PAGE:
Eight Questions WIth… Richard Denning

Q1   What influenced your decision to write for Teenagers?

Other than the time travel series of which Tomorrow’s Guardian is the first, I also have written the first of a historical fiction series ‘The Amber Treasure’ which although I believed I was writing for adults does seem popular with some older teens. There is also a historical Fantasy ‘The Last Seal’ set in the Great Fire of London and also written for Young Adults.

I generally set out to write books I would like to read. I enjoy reading a lot of Young Adult Fiction such as Garth Nix – Keys to the Kingdom – as well as Harry Potter of course, Philip Pullman, Neil Gaiman’s Graveyard book, Darren Shan and so forth. Since quite a lot of what I enjoy reading falls into YA/ teen fiction I guess I tend to write in that style. To me a lot of the best books (and for that matter TV and film) is aimed at a crossover audience and accessible by 8 to 80 year olds. For this audience you need a strong story and good characters and a fast pace to the book.

Q2 How do you get into the heads of your characters?

Before I write a book I sit down with a notepad and try to sketch out each main character. I ask myself what is their main strength and weakness and what motivates them. What do they want and what will they do to make that happen? Then I find that as I write the book I KNOW how a character should act to any situation.

Q3    Do you know instinctively what will appeal to Teens or is it more a hit or miss process?

Well I am a pretty new writer of course and although I have had some good reviews and interest in Tomorrow’s Guardian and other books I am not arrogant enough to believe I am an expert. Far from that at this stage. So I usually work on the basis that if I enjoy a passage and so do some readers and my editor that I am getting it right. If I give someone a passage to read and they tell me they don’t understand a bit, or it was dull or confusing then it needs a revision. So I believe I am learning how to write for this audience, expect to learn more and I hope I will get better.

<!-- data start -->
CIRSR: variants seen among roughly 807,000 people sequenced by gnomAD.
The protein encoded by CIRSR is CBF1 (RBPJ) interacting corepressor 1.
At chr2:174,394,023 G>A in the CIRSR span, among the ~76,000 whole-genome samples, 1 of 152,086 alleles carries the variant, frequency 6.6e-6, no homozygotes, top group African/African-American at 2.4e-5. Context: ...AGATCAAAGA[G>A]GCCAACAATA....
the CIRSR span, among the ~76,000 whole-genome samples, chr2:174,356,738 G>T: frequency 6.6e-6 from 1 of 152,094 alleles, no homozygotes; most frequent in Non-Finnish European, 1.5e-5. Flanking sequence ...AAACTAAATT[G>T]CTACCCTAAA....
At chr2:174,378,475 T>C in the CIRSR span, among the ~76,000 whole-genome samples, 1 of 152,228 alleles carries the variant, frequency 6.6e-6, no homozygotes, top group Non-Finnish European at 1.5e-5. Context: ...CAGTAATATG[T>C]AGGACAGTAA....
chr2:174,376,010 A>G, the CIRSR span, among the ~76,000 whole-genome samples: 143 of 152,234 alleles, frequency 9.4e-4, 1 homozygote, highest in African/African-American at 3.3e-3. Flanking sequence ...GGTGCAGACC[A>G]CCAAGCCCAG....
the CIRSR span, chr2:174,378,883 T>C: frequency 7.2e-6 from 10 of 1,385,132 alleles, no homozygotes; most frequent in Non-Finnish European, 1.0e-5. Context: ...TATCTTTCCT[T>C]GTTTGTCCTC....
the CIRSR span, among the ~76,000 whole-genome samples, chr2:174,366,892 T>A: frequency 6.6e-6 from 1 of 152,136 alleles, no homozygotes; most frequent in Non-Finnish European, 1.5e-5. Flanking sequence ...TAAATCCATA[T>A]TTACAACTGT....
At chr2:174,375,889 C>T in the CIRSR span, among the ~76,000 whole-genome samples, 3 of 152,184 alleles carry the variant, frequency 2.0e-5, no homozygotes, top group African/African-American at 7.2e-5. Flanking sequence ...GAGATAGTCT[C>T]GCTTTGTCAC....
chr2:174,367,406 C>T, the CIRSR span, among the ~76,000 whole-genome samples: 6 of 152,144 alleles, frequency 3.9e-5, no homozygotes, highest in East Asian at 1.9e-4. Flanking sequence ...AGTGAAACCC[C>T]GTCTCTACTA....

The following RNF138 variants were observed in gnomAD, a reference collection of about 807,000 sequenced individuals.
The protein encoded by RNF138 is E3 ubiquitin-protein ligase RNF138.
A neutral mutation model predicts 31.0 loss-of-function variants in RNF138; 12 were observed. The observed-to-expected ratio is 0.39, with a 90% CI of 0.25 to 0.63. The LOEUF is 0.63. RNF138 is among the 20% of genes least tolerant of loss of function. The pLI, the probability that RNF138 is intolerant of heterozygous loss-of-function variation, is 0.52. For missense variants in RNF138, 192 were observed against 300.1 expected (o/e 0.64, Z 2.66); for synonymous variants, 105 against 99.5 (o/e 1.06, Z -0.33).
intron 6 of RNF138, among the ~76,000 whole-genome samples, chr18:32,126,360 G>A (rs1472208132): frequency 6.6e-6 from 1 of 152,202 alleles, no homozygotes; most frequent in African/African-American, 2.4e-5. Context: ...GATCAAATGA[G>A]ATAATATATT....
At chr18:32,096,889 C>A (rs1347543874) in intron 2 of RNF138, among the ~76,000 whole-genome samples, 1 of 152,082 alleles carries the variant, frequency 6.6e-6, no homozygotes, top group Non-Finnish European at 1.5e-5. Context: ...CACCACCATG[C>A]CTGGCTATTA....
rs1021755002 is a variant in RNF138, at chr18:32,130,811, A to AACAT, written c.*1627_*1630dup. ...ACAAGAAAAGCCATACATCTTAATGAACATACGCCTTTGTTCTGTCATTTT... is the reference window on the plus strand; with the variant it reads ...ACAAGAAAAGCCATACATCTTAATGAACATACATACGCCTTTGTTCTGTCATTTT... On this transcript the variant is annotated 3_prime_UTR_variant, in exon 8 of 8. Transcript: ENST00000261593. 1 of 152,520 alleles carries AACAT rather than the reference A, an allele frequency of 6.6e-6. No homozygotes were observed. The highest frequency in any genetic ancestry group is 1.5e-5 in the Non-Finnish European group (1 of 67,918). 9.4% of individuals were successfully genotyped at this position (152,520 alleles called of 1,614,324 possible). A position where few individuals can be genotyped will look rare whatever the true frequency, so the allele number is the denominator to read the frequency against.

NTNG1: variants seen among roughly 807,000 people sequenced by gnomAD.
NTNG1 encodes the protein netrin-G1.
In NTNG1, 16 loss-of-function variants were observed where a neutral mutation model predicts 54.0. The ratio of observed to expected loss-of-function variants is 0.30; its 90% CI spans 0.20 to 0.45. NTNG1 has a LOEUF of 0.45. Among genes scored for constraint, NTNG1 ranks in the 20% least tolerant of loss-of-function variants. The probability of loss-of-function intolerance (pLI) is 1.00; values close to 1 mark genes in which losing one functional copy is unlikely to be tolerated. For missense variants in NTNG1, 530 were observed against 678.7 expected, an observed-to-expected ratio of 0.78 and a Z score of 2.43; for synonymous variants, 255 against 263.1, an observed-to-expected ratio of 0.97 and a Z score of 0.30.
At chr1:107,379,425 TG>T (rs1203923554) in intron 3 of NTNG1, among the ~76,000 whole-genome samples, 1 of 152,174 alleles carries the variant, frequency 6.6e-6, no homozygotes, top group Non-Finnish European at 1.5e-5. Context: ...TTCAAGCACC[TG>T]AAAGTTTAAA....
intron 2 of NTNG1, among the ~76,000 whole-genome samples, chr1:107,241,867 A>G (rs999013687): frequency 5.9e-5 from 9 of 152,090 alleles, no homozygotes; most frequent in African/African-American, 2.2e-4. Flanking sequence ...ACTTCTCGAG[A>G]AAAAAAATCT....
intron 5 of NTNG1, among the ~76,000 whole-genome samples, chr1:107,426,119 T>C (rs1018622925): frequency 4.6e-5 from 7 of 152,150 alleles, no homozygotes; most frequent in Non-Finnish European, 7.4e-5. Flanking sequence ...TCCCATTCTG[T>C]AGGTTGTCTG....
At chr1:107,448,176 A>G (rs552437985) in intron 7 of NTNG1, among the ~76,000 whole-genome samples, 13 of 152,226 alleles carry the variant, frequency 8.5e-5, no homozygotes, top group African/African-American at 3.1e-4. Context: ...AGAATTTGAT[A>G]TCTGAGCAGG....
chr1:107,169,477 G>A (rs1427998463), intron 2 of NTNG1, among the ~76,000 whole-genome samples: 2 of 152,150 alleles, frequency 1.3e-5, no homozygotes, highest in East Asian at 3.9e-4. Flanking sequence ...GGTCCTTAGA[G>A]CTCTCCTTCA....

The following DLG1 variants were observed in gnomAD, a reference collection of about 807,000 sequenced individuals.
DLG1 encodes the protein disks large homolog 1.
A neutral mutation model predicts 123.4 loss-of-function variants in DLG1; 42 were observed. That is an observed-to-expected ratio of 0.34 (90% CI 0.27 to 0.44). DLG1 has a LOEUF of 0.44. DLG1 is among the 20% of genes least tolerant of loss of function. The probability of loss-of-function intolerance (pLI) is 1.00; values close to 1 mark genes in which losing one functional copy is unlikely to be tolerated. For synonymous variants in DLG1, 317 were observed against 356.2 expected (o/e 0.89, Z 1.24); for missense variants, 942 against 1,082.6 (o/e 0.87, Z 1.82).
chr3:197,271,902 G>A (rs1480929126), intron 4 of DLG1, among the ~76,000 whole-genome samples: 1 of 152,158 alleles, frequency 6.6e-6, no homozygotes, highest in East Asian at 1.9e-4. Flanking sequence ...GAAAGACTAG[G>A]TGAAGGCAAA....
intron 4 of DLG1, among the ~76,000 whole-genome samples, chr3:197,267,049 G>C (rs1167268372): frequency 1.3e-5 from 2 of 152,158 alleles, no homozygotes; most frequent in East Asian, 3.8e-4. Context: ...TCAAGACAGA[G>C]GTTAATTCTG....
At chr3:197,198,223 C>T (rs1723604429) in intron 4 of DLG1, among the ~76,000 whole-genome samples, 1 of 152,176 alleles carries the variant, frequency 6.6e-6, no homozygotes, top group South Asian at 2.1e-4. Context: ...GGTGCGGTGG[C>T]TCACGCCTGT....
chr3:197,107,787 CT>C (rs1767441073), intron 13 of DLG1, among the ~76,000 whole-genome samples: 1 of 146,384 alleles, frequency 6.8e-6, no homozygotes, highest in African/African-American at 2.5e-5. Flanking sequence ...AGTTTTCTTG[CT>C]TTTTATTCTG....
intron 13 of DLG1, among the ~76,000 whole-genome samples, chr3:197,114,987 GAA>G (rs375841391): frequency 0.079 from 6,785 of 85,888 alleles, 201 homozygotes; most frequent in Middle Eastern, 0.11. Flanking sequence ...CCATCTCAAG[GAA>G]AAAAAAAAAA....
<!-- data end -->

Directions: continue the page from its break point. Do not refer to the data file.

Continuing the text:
Q4    What is the most satisfying part of the writing process for you?

When I plot out a book I start with only a spark of an idea. I mull it over – quite often for weeks. Then as I try to sketch out a plot I get little moments when something about a character inspires an idea that you can work into the story. So I may be struggling with a section and not sure how to make it work when that spark comes along and it can be a bit of a eureka moment when you realise you have cracked it. Another fun part of writing is when you have the first draft done and you are going through the book working on dialogue and descriptions. I have  a lot of fun with descriptions of historical locations.

Q5    Do you ever read the works of other Teen/YA authors?  If yes what can you recommend?

I have covered quite a few of these in Q1. Everyone has heard of Harry Potter so that hardly needs a recommendation from me but I still take my hat off to Rowling’s genius in inventing such a rich believable world. However I would say that Garth Nix and his Keys to the Kingdom series is excellent and rivals Harry Potter for detail and depth.

Q6    Are any of your novels based on personal experiences?

Well I am a GP in the ‘day job’ and not a Saxon Warrior, Time Traveller or sorcerer. So it is not so much personal experience so much as tapping into 40+ years of reading, TV and Films. These have been heavily Sci Fi and Fantasy orientated such as Terry Pratchett’s amazing Disk World books, David Eddings and Raymond Feist’s writing as well as the Young Adult fiction which I have mentioned. There is also a lot of historical fantasy including Bernard Cornwell’s Sharpe series and others. I was 11 when I saw the first Star Wars Movie (Number IV now) and around then the first Indiana Jones came out. I grew up with the classic series of Dr Who including the superb John Pertwee and Tom Baker era. I am also very fond of historical sites and have toured many battlefields such as Agincourt, Crecy, Normandy and Waterloo and visited a vast array of ancient and medieval buildings. I went to school in sight – it was literally just out the window – of Warwick Castle. Gradually all that soaks in and went into the pot from which I draw when I write.

Q7   Are you working on anything new at the moment or do you have anything planned?

My editor and I are just tidying up Yesterday’s Treasures – the sequel to Tomorrow’s Guardian. I hope that will be published in the late Spring. I am also working on the sequel to The Amber Treasure and have plans for a sequel to The Last Seal. So I hope to bring out some new books in the next 12 months.

Q8 Do you ever do Library visits to Teen Reading Groups? If yes, what is the best way to get into contact with you or your agent about it?

I would be happy to do visits to a Library. For this purpose, the best way to contact me is via my website and my email address r.denning (at) btinternet.com
I have a talk/workshop designed to be entertaining and thought provoking for children of ages 10 to 14 – Years 5 to 9.
It is intended to fit into World Book Day and other activities.
Duration – can be adjusted but will be circa 60 minutes. Event consists of talks, readings and activities: Time travel sounds like fun until you try it!
The fascination of time travel and why it could be more dangerous than you think!
There is  a pdf on my website about the talk:

2 Thoughts on “Eight Questions WIth… Richard Denning

  1. Pingback: Tweets that mention teen librarian » Blog Archive » Eight Questions WIth… Richard Denning -- Topsy.com

  2. Great interview questions 😀 Thanks for that both 😀

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